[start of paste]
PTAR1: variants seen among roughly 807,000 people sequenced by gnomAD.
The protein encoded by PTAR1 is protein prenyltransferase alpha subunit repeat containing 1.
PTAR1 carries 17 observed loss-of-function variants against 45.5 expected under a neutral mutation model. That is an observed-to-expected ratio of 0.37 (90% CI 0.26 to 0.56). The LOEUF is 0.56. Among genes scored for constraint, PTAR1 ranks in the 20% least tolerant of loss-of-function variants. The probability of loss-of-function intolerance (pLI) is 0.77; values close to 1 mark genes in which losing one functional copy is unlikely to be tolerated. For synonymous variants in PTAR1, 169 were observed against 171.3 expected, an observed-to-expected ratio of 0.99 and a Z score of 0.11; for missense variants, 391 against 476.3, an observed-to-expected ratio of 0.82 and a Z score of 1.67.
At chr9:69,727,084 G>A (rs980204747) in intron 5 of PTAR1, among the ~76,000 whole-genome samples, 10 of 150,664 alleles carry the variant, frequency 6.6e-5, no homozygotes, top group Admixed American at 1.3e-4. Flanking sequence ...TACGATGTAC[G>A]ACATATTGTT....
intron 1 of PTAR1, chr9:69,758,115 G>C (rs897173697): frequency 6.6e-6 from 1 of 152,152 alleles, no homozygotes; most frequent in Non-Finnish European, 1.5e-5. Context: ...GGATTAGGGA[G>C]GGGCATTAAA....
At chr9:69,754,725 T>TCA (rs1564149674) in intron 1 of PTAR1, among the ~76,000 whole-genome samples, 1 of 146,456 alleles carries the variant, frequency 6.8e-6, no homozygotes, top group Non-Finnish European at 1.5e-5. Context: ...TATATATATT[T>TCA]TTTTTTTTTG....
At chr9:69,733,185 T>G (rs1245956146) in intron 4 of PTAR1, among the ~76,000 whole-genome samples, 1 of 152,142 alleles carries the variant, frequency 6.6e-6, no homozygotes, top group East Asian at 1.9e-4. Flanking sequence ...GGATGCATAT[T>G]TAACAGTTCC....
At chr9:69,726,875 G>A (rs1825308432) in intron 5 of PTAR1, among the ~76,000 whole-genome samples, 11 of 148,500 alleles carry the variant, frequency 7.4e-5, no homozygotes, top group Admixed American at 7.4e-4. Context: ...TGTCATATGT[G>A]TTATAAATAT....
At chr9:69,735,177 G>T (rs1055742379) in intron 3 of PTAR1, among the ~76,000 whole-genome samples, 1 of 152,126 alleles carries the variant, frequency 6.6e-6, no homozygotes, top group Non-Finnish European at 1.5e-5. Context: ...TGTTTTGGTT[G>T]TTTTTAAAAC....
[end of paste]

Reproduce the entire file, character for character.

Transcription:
PTAR1: variants seen among roughly 807,000 people sequenced by gnomAD.
The protein encoded by PTAR1 is protein prenyltransferase alpha subunit repeat containing 1.
PTAR1 carries 17 observed loss-of-function variants against 45.5 expected under a neutral mutation model. That is an observed-to-expected ratio of 0.37 (90% CI 0.26 to 0.56). The LOEUF is 0.56. Among genes scored for constraint, PTAR1 ranks in the 20% least tolerant of loss-of-function variants. The probability of loss-of-function intolerance (pLI) is 0.77; values close to 1 mark genes in which losing one functional copy is unlikely to be tolerated. For synonymous variants in PTAR1, 169 were observed against 171.3 expected, an observed-to-expected ratio of 0.99 and a Z score of 0.11; for missense variants, 391 against 476.3, an observed-to-expected ratio of 0.82 and a Z score of 1.67.
At chr9:69,727,084 G>A (rs980204747) in intron 5 of PTAR1, among the ~76,000 whole-genome samples, 10 of 150,664 alleles carry the variant, frequency 6.6e-5, no homozygotes, top group Admixed American at 1.3e-4. Flanking sequence ...TACGATGTAC[G>A]ACATATTGTT....
intron 1 of PTAR1, chr9:69,758,115 G>C (rs897173697): frequency 6.6e-6 from 1 of 152,152 alleles, no homozygotes; most frequent in Non-Finnish European, 1.5e-5. Context: ...GGATTAGGGA[G>C]GGGCATTAAA....
At chr9:69,754,725 T>TCA (rs1564149674) in intron 1 of PTAR1, among the ~76,000 whole-genome samples, 1 of 146,456 alleles carries the variant, frequency 6.8e-6, no homozygotes, top group Non-Finnish European at 1.5e-5. Context: ...TATATATATT[T>TCA]TTTTTTTTTG....
At chr9:69,733,185 T>G (rs1245956146) in intron 4 of PTAR1, among the ~76,000 whole-genome samples, 1 of 152,142 alleles carries the variant, frequency 6.6e-6, no homozygotes, top group East Asian at 1.9e-4. Flanking sequence ...GGATGCATAT[T>G]TAACAGTTCC....
At chr9:69,726,875 G>A (rs1825308432) in intron 5 of PTAR1, among the ~76,000 whole-genome samples, 11 of 148,500 alleles carry the variant, frequency 7.4e-5, no homozygotes, top group Admixed American at 7.4e-4. Context: ...TGTCATATGT[G>A]TTATAAATAT....
At chr9:69,735,177 G>T (rs1055742379) in intron 3 of PTAR1, among the ~76,000 whole-genome samples, 1 of 152,126 alleles carries the variant, frequency 6.6e-6, no homozygotes, top group Non-Finnish European at 1.5e-5. Context: ...TGTTTTGGTT[G>T]TTTTTAAAAC....